Further, the second process for producing metal oxide precipitates of the present invention comprises making seed crystal(s) of zirconium oxide and/or hafnium oxide, and a fluoride ion-capturing agent exist in an aqueous solution or hydrofluoric acid solution containing a metal fluoro complex compound and/or a metal fluoride of zirconium and/or hafnium to form precipitates comprising crystals of zirconium oxide and/or hafnium oxide, or crystals of a solid solution containing them as a main component.

BEST MODE FOR PRACTICING THE INVENTION

As the precipitates of the rare earth oxide to be formed by the present invention, there may be mentioned precipitates of scandium oxide, yttrium oxide, lanthanum oxide, cerium oxide, praseodymium oxide, neodymium oxide, promethium oxide, samarium oxide, europium oxide, gadolinium oxide, terbium oxide, dysprosium oxide, holmium oxide, erbium oxide, thulium oxide, ytterbium oxide and lutetium oxide. In addition thereto, precipitates of a solid solution containing these metal oxides as a main component, i.e., a mutual solid solution comprising the rare earth metal oxides at an optional ratio; and a solid solution containing the rare earth metal oxide and a small amount of an oxide of an alkaline earth metal or a transition metal, for example, a solid solution represented by (La2 O3)0.9 (CaO)0.1 are also formed by the present invention.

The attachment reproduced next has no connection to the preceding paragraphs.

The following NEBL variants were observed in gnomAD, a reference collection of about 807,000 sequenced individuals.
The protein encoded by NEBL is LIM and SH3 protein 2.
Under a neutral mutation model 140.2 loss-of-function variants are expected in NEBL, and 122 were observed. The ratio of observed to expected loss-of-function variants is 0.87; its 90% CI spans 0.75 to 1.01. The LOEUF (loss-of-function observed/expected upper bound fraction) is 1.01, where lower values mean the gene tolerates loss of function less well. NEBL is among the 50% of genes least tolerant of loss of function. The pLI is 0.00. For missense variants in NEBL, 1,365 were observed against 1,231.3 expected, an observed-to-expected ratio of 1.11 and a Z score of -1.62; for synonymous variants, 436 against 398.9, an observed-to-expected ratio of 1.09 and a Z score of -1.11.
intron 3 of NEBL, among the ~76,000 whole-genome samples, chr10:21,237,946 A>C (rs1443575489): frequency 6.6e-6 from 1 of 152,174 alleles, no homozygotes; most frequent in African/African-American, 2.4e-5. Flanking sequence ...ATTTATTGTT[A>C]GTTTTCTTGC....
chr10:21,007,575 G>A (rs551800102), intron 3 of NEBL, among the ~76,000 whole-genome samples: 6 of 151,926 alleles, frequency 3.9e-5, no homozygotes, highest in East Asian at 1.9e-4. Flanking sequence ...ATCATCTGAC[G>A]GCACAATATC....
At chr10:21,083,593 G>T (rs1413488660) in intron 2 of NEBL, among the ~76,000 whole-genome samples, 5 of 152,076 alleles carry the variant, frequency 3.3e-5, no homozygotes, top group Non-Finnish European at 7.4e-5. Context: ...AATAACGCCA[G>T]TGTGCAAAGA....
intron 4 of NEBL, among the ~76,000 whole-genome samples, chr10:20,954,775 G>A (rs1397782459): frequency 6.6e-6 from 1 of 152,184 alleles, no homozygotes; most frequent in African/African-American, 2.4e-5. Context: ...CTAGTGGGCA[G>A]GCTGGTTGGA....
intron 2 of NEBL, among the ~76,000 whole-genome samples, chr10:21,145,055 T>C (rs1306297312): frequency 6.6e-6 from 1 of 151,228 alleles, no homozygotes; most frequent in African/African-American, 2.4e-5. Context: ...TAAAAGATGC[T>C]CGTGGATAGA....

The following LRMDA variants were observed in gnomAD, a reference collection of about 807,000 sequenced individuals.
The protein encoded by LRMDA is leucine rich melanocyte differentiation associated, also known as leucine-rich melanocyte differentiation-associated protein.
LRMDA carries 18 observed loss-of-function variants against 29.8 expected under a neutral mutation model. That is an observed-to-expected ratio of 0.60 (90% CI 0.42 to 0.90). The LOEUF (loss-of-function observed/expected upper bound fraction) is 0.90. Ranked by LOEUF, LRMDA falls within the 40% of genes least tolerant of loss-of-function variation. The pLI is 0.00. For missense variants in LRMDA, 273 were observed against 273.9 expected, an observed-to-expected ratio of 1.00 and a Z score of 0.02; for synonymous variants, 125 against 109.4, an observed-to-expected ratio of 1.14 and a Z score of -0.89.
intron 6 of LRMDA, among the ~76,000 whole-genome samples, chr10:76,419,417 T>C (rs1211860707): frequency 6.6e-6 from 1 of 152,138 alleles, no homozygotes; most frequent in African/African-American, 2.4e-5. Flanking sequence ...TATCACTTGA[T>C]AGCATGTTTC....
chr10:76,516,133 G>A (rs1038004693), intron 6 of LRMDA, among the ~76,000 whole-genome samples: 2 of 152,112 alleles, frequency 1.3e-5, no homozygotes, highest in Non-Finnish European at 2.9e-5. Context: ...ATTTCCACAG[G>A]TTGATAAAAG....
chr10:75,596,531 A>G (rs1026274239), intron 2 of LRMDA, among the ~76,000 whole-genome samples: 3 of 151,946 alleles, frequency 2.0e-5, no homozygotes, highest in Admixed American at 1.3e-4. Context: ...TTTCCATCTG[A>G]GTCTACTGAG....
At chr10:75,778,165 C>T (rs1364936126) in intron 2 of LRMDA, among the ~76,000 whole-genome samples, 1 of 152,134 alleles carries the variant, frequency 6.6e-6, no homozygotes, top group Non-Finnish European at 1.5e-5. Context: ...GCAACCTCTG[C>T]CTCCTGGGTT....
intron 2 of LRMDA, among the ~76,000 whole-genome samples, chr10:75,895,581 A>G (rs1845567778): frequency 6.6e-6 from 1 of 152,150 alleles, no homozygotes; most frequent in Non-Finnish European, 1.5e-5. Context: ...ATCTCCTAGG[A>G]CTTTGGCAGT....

These rare earth oxide type precipitates may be amorphous, but when they are used continuously or repeatedly at high temperature, they are preferably crystalline state which is a stable phase.